Public Safety

Public Safety Justifications for an Auburn Dam are Unreliable and One-Sided

Proponents of the Auburn Dam cite public safety, or more specifically flood control, as the main reason for the dam’s necessity.

There is inconsistency in this reasoning

It ignores advise by the National Research Council that existing flood frequency numbers are too conservative, speculative and quite possibly unrealistic (read more), while at the same time ignoring warnings from the United States Geological Survey (USGS) that estimates for the probability and magnitude of a large earthquake being induced by an Auburn Dam are not conservative enough, insufficiently researched, and irresponsible (read more).

The probability that a dam in Auburn causes a catastrophic earthquake may be equal to or greater than the true probability that the American River ever produces flows high enough for the dam to have been necessary!

(The statistics on either side of the public safety argument are “a wash.”)

And, if the dam were to fail due to stresses associated with an earthquake, we would have a tragedy far exceeding the potential floods we now face.


The Bureau of Reclamation’s approach to flood control is unrealistic and overly conservative.

Their approach to a very real earthquake threat is disregarding and irresponsible.

How much faith can we put in a proposition that uses completely opposite approaches depending on the question being asked? Not very much.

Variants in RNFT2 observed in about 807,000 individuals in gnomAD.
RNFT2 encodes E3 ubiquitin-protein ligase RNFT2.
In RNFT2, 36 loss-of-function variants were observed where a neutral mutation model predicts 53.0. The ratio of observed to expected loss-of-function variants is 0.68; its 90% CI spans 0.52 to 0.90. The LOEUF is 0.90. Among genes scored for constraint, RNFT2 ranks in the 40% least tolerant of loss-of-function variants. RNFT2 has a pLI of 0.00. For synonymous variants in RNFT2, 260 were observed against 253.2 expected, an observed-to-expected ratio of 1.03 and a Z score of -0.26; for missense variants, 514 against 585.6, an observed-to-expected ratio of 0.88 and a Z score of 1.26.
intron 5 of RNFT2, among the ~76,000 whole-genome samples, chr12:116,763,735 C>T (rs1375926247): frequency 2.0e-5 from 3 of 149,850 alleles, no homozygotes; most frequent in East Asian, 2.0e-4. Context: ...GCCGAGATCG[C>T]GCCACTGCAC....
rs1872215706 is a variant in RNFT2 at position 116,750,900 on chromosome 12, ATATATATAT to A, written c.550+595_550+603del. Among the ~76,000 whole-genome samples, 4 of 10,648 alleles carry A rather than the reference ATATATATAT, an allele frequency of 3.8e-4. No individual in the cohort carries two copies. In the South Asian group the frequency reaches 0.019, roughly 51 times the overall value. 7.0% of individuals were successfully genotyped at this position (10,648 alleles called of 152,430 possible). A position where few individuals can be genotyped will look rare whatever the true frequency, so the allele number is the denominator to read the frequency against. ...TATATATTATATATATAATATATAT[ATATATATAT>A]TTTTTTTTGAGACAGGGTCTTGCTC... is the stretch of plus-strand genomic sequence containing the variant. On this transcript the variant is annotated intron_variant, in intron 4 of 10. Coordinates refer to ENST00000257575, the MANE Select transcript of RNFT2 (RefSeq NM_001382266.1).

There Is No Good Reason To Build A Dam in Auburn:

When designing publicly-funded facilities meant to safeguard against natural disaster events such as flooding and earthquakes, much care is taken to ensure that they are able to withstand not merely an event that was previously recorded at its location, but also the largest magnitude event that might ever occur. This is done because one (reasonably) wouldn’t want to spend a lot of money and time building something that may have been good enough to hold up in the last event, but that in ten or twenty years might get destroyed by a larger, as yet unseen, event.

It follows that much of the decision-making process in deciding whether or not tax-funded protection should exist, and how strong or large it should be, involves quite a bit of assumption, scientific hypothesizing, and finally, uncertainty.

In deciding whether or not to go forward with a project like the Auburn Dam, the question then becomes: Whose reasoning and assumptions are most consistent, reliable, and persuasive?

On these three counts, the U.S. Bureau of Reclamation’s Public Safety argument in favor of the Auburn Dam is consistent only in that it fails miserably.

They cite numbers that have been described both by the Army Corps of Engineers and the National Research Council as speculative and quite possibly unrealistic in order to justify a certain level of necessary flood protection.

Then they turn around and ignore pleas from the United States Geological Survey to take the potential threat and size of a reservoir-induced earthquake much more seriously.

Let’s see: using overly conservative, unrealistic numbers on one side of the argument, then using the least conservative and riskiest numbers available on the other. This inconsistency should cause one to think that perhaps a solid reasoning and philosophy is lacking, replaced instead by a determination to add yet another grand dam to California’s waterways.